Since the scheduler is already running, it does not need to be started again.
The job hvr_demo41–cap–sf1 will remain PENDING until the scheduled start time.
SC-Hvr-Gui demo41 running.png

Test Replication

To test the hvr_demo41 channel, we will force a single cycle of the PENDING capture job by using hvrstart. It will capture all the data available in Salesforce, which is the data we inserted earlier with the hvr_demo40 test.
In the HVR log file you can see the output of the jobs:

2013–07–04 10:34:41: hvrscheduler: localhost/9: Updated job hvr_demo41–cap–sf1 \
 with [Trigger=2].
2013–07–04 10:34:41: hvr_demo41–cap–sf1: Received 1 trigger control.
2013–07–04 10:34:56: hvr_demo41–cap–sf1[agent]: Processing 2 tables...
2013–07–04 10:35:16: hvr_demo41–cap–sf1[agent]: Downloaded 1 rows for 'dm40_product' to 'sf–20120704083457–dm40_product.csv'
2013–07–04 10:35:17: hvr_demo41–cap–sf1: Capture cycle 1 for 2 files (112 \
2013–07–04 10:35:18: hvr_demo41–cap–sf1: Routed 214 bytes \
 (compression=50.2%) from 'sf1' into 1 location.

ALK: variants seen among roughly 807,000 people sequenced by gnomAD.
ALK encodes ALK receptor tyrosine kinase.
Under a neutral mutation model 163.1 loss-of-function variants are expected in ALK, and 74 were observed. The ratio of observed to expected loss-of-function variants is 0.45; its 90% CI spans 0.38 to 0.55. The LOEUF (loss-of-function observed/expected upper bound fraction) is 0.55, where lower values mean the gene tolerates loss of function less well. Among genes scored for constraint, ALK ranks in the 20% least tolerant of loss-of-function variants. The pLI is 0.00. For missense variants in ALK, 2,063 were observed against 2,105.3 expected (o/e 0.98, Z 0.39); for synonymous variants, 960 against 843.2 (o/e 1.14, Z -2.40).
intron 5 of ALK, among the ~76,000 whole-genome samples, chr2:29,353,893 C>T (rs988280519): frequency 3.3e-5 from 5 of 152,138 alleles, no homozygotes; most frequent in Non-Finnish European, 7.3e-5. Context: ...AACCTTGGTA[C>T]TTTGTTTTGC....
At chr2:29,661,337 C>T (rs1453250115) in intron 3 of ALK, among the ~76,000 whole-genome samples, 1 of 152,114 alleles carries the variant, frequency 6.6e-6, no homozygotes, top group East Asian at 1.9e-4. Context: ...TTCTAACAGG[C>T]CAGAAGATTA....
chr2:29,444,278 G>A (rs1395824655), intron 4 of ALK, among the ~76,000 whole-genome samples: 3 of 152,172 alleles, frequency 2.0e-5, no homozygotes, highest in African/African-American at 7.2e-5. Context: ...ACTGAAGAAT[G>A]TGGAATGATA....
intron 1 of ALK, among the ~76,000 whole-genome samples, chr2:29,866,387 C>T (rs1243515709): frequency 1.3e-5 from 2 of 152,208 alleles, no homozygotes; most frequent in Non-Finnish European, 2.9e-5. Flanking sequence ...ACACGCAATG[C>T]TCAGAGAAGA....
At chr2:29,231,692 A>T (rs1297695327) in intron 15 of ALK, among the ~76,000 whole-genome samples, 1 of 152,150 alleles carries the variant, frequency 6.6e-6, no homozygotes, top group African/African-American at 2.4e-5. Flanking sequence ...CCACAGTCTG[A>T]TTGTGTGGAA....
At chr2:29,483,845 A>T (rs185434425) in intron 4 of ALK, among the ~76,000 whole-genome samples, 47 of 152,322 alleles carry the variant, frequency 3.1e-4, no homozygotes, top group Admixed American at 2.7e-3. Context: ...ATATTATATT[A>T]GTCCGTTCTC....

2013–07–04 10:35:18: hvr_demo41–cap–sf1: Moved 2 files from location \
2013–07–04 10:35:18: hvr_demo41–cap–sf1: Processed 1 expired 'trigger' \
 control file.
2013–07–04 10:35:18: hvr_demo41–cap–sf1: Finished. (elapsed=37.26s)
2013–07–04 10:35:18: hvr_demo41–integ–db2: Integrate cycle 2 for 1 \
 transaction file (214 bytes).
2013–07–04 10:35:18: hvr_demo41–integ–db2: Integrated 1 change from \
 'dm40_product' (1 ins).
2013–07–04 10:35:18: hvr_demo41–integ–db2: Integrate used 1 transaction for 1 \
 individual row and took 0.14 seconds.
2013–07–04 10:35:18: hvr_demo41–integ–db2: Waiting...

You can verify the replication by looking at the target database:

$ sqlplus testdb2/hvr
SQL> select * from dm40_product;
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        1      19.99 DVD